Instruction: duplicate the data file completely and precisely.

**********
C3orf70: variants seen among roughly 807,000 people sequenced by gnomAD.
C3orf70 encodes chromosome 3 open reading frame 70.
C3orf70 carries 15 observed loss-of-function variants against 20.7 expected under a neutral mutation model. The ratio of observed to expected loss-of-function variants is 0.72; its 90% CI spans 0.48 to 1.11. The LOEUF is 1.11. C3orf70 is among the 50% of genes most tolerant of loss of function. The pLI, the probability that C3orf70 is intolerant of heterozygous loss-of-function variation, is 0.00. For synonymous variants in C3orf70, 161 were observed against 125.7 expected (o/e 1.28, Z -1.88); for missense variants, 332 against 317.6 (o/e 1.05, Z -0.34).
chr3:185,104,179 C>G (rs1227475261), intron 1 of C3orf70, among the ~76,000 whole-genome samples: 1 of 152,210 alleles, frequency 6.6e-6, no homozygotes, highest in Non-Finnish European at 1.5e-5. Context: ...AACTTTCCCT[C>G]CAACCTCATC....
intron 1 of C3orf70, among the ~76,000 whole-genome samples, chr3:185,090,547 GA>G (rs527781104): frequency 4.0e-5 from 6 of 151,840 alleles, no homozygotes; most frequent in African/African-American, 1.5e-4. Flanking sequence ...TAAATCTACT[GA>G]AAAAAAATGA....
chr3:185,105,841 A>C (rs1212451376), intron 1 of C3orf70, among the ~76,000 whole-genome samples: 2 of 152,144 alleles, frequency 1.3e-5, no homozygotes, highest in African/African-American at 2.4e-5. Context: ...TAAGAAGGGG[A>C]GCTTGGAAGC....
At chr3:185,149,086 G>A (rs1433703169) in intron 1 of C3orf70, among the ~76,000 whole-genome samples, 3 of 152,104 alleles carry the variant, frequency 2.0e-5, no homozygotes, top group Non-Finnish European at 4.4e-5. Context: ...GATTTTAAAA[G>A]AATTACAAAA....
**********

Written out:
C3orf70: variants seen among roughly 807,000 people sequenced by gnomAD.
C3orf70 encodes chromosome 3 open reading frame 70.
C3orf70 carries 15 observed loss-of-function variants against 20.7 expected under a neutral mutation model. The ratio of observed to expected loss-of-function variants is 0.72; its 90% CI spans 0.48 to 1.11. The LOEUF is 1.11. C3orf70 is among the 50% of genes most tolerant of loss of function. The pLI, the probability that C3orf70 is intolerant of heterozygous loss-of-function variation, is 0.00. For synonymous variants in C3orf70, 161 were observed against 125.7 expected (o/e 1.28, Z -1.88); for missense variants, 332 against 317.6 (o/e 1.05, Z -0.34).
chr3:185,104,179 C>G (rs1227475261), intron 1 of C3orf70, among the ~76,000 whole-genome samples: 1 of 152,210 alleles, frequency 6.6e-6, no homozygotes, highest in Non-Finnish European at 1.5e-5. Context: ...AACTTTCCCT[C>G]CAACCTCATC....
intron 1 of C3orf70, among the ~76,000 whole-genome samples, chr3:185,090,547 GA>G (rs527781104): frequency 4.0e-5 from 6 of 151,840 alleles, no homozygotes; most frequent in African/African-American, 1.5e-4. Flanking sequence ...TAAATCTACT[GA>G]AAAAAAATGA....
chr3:185,105,841 A>C (rs1212451376), intron 1 of C3orf70, among the ~76,000 whole-genome samples: 2 of 152,144 alleles, frequency 1.3e-5, no homozygotes, highest in African/African-American at 2.4e-5. Context: ...TAAGAAGGGG[A>C]GCTTGGAAGC....
At chr3:185,149,086 G>A (rs1433703169) in intron 1 of C3orf70, among the ~76,000 whole-genome samples, 3 of 152,104 alleles carry the variant, frequency 2.0e-5, no homozygotes, top group Non-Finnish European at 4.4e-5. Context: ...GATTTTAAAA[G>A]AATTACAAAA....